What is it about black and white photography that draws so much interest? Perhaps it is from a sense of nostalgia about being “old timey”, as in black and white TV preceded color TV. Perhaps it is because black and white prints go with any decor. While it could be that simple, to the photographer color and black and white are as different as, say, black and white.
Color photography is partly about the play between colors. Opposite colors on the color wheel, called complementary colors, are looked for when composing a shot. But black and white is about contrast, strong subjects, and what draws the eye in. It is photography stripped down. There is no hiding in what is colorful and pretty. Attention must be paid to what the eye sees first and which direction it travels when there is no color parachute.
In my photo “Ghost Ship”, the eye is drawn directly to the large, white hull of the boat at the front left of the image. From there, the eyes slowly scan back the rest of the boat, only then revealing the worn and tattered details. This is a classic composition using leading lines to take the viewer’s eye from the front of the boat deeper into the middle of the picture. While bright areas tend to draw the eye into an image, dark areas seem to repel the eye. Also, eyes tend to follow lines to their conclusion. A strong photo can capture the eye and control how it sees the photo.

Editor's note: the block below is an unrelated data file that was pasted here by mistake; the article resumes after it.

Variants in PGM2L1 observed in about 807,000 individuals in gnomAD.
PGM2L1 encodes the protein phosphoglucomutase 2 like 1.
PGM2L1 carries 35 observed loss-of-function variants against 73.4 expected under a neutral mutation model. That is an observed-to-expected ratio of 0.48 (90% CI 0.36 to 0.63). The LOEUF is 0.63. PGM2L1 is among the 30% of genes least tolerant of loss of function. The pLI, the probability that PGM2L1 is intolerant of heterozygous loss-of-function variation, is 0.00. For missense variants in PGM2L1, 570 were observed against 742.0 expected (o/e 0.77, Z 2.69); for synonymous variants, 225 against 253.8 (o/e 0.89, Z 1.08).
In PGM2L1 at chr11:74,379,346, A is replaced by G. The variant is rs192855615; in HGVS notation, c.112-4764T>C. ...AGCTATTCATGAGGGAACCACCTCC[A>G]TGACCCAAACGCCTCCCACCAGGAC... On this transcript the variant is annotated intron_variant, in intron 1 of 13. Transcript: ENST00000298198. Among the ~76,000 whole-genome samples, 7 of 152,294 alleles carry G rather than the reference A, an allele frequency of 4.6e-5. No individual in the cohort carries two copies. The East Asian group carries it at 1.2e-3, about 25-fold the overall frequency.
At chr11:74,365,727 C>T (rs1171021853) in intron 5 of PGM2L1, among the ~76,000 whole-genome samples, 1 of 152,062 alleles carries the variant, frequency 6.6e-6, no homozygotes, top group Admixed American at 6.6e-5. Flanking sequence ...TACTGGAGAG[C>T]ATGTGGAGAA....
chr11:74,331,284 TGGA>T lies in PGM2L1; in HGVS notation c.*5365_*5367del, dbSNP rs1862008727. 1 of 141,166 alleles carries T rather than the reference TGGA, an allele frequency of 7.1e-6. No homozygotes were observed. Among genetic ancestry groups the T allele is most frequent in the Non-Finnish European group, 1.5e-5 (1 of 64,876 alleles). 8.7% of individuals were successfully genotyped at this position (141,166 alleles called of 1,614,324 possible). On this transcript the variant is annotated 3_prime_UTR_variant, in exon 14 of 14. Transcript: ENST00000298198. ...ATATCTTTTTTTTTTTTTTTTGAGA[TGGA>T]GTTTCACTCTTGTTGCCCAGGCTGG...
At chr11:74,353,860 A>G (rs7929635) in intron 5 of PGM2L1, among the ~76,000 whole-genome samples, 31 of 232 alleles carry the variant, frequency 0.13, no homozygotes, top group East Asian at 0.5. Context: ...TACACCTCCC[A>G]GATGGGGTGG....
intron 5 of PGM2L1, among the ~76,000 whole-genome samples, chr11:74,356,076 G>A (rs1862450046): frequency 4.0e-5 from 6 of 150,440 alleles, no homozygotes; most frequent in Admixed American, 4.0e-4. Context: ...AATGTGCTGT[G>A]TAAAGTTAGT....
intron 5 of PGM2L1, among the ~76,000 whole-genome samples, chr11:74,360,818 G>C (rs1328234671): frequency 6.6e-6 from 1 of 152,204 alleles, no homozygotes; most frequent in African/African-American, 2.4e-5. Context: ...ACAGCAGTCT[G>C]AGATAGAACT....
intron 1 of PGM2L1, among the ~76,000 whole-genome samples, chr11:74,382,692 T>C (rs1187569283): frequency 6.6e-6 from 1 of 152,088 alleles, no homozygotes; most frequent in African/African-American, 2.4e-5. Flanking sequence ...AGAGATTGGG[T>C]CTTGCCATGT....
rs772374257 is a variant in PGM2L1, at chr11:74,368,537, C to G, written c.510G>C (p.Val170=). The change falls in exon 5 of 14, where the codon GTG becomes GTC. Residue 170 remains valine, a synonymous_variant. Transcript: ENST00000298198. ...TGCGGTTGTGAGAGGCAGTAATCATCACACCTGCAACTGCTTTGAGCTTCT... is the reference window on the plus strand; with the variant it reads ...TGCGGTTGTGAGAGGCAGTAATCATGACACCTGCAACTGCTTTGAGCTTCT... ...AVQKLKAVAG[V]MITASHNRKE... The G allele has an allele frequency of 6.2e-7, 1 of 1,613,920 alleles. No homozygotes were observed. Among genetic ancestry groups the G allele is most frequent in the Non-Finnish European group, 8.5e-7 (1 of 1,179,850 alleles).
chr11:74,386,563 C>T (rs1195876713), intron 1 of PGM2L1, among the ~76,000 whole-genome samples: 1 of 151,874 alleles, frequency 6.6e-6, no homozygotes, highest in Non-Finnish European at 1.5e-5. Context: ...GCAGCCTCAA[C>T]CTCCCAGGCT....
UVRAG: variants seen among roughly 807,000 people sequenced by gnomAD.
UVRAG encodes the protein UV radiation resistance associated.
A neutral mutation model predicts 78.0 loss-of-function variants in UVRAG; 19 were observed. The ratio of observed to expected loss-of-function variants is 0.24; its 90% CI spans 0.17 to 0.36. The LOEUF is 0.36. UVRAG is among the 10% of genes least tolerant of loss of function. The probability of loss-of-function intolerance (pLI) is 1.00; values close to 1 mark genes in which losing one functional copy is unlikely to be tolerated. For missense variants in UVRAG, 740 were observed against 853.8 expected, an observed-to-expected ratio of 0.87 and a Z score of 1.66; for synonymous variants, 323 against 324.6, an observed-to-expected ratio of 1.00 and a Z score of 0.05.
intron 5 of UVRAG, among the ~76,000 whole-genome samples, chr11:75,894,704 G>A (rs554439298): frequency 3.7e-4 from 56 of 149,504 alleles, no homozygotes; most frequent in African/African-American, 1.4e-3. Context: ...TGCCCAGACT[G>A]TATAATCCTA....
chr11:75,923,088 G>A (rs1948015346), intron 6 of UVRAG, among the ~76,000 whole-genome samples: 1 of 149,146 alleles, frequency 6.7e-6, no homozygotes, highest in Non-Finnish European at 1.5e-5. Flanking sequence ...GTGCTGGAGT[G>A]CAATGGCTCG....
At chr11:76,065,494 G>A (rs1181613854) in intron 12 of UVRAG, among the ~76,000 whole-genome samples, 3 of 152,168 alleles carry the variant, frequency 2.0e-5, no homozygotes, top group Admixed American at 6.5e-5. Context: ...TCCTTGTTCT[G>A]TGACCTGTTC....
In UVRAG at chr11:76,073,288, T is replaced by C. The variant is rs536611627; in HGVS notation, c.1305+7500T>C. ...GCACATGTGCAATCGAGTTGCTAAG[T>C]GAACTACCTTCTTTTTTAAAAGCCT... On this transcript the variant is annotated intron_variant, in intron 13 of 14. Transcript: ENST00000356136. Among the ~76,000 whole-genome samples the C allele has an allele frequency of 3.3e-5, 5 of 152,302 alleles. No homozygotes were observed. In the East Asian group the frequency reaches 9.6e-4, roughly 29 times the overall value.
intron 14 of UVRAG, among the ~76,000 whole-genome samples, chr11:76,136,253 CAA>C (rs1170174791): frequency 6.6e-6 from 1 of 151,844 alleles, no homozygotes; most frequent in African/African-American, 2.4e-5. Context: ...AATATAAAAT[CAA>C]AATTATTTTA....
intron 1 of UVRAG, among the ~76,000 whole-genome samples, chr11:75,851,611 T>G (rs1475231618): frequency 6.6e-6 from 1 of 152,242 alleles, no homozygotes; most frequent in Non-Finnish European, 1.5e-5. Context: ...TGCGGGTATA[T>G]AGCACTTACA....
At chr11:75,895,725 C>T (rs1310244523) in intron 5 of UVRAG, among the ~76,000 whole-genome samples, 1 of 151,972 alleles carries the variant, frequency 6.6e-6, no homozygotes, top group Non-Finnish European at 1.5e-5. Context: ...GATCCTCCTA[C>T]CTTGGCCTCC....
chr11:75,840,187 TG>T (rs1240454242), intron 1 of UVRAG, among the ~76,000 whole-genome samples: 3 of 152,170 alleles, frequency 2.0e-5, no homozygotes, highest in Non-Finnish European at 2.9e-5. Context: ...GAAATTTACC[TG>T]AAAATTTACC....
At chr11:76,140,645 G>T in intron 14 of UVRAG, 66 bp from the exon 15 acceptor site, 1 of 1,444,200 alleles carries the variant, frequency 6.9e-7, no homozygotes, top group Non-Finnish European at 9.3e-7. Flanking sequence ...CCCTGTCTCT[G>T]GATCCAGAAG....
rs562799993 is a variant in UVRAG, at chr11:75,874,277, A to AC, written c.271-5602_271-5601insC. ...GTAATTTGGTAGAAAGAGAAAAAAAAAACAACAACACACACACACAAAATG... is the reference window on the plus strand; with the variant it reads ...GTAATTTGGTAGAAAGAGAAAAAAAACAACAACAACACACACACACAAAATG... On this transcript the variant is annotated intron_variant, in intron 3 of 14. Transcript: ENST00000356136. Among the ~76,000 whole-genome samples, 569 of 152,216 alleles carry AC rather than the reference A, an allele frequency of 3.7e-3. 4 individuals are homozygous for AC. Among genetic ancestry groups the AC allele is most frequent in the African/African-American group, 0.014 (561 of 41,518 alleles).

“Ghost Ship” was taken on the shores of the Delaware Bay. I tiptoed through the mud and reeds to get as close as possible to the grounded ship. When I got close, I immediately recognized the strong composition. However, what our eyes see doesn’t always translate into an photographic image because our brain processes images differently than film. So for this image I knew I needed to use my widest angle lens and get as close as possible to the front of the boat. A wide angle lens has a property where things close are exaggerated and things far away are made smaller. They maximize the space in a scene, making near and far seem impossibly distant from each other. Once my wide angle lens was secured on my camera, I crouched down just a couple feet from the bow of the boat to take this shot.
Don’t get me wrong, I still love color photography. Grand colorful landscapes hold a special place in my heart. But I am proud of this image, I think it came out well. In color it lost some of its power, it was screaming to be a black and white. Listen to your images, sometimes they tell you all you need to know!